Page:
apple gavel

Apple seems to have succeeded in keeping government watchdogs from roaming the corridors of its Cupertino, California headquarters. A proposal by the Department of Justice (DoJ) to install an external antitrust monitor to oversee Apple activities was greatly curtailed Tuesday. Instead, New York federal judge Denis Cote ruled that any monitor would be limited to overseeing Apple’s antitrust policies and employee training.

A proposal by the DoJ to watch over all of Apple’s distribution efforts for potential antitrust action was also trimmed, the judge saying she doesn’t want government investigators interfering in the iPhone maker’s “flexibility to innovate”

Judge Denise Cote told participants in the Tuesday hearing over proposed remedies to Apple’s e-book price-fixing that she wants the injunction “to rest as lightly as possible on how Apple runs its business. I want Apple to have the flexibility to innovate.”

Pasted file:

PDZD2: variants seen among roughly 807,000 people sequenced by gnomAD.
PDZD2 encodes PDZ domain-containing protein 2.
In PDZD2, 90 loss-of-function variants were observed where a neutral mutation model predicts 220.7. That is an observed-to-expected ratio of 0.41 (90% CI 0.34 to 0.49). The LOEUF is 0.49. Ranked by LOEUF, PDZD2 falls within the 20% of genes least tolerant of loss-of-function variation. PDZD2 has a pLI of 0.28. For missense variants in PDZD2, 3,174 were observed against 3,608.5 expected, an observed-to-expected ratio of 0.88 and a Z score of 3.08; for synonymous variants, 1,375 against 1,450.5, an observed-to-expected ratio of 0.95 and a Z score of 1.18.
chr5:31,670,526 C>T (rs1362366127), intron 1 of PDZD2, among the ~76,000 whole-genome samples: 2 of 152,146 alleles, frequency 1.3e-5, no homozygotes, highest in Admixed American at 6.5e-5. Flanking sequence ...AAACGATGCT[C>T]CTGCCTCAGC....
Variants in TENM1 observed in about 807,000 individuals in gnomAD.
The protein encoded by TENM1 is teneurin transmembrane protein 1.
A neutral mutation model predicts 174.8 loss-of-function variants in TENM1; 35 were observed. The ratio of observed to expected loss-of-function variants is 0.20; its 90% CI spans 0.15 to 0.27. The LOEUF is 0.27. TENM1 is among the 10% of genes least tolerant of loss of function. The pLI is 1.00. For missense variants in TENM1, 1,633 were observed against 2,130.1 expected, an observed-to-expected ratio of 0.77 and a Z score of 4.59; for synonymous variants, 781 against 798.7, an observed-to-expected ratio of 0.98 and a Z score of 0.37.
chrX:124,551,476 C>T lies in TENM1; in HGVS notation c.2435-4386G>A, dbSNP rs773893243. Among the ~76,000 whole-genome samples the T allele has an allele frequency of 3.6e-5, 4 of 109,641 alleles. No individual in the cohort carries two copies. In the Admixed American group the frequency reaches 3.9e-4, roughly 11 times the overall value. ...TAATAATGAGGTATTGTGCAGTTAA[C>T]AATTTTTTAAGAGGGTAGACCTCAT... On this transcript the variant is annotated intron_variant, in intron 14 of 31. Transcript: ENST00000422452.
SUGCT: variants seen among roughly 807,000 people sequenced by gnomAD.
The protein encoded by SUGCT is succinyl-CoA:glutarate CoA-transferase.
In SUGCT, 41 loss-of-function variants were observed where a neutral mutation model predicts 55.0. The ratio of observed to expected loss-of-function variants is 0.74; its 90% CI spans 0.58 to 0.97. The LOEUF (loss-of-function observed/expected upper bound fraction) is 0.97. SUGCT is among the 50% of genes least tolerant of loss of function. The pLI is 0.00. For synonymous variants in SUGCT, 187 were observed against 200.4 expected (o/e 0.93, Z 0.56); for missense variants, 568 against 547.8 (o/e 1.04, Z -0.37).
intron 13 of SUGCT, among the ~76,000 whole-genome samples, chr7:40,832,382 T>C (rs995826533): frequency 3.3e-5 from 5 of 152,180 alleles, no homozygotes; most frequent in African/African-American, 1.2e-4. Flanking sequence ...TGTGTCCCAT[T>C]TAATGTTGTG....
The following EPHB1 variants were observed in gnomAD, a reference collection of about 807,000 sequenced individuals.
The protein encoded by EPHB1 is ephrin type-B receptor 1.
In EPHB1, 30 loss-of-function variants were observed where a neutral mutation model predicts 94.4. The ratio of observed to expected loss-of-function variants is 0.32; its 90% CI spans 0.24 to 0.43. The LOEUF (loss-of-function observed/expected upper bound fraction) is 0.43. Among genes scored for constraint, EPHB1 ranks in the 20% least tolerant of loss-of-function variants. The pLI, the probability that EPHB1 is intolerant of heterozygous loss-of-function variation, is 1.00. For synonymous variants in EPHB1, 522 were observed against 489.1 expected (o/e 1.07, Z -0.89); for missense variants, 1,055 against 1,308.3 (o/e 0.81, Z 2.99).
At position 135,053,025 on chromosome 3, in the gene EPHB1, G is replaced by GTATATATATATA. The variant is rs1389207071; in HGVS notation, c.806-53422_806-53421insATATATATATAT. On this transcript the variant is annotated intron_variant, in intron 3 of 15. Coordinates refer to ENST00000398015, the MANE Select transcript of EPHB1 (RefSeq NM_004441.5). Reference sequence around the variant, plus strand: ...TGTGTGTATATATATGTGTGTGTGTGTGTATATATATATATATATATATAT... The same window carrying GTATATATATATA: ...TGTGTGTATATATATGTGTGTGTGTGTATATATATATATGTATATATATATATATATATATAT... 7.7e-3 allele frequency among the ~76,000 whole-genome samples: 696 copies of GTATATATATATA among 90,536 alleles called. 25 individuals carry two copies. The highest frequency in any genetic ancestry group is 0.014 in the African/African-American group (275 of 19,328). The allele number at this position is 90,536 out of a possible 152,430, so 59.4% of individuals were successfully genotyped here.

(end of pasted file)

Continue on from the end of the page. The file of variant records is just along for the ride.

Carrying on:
Government lawyers at first wanted a ten-year period of government oversight on Apple’s dealings with content partners, then trimmed the proposal to five years.

Cote also seems unwilling to impose much regulation of App Store procedures, calling the app marketplace “… only an incidental part of this trial.” Cote described as a “disturbance” a DoJ proposal that Apple permit e-book rivals, such as Amazon, to include with apps links to their own stores.

“So it looks like Apple may have won itself a fair bit of relief from the proposed sanctions it has described as ‘wildly out of proportion to the issues and evidence in the case,'” writes AllThingsD’s John Paczkowski.

The government’s proposal favored Amazon, Apple lawyers complained prior to Tuesday’s hearing. One area where Cote did not let Apple off the hook was the need for some oversight.

The judge said Apple has not “… taken the lessons of this litigation seriously.” She called Apple’s response to the government’s proposed outside monitor “inadequate”.

She believes an external antitrust monitor “…with a carefully defined role can help ensure that competition is restored and preserved.”

In July, Cote ruled that Apple had engaged in price-fixing regarding e-books, in an attempt to blunt Amazon’s rival service. A separate trial to determine damages is set for 2014.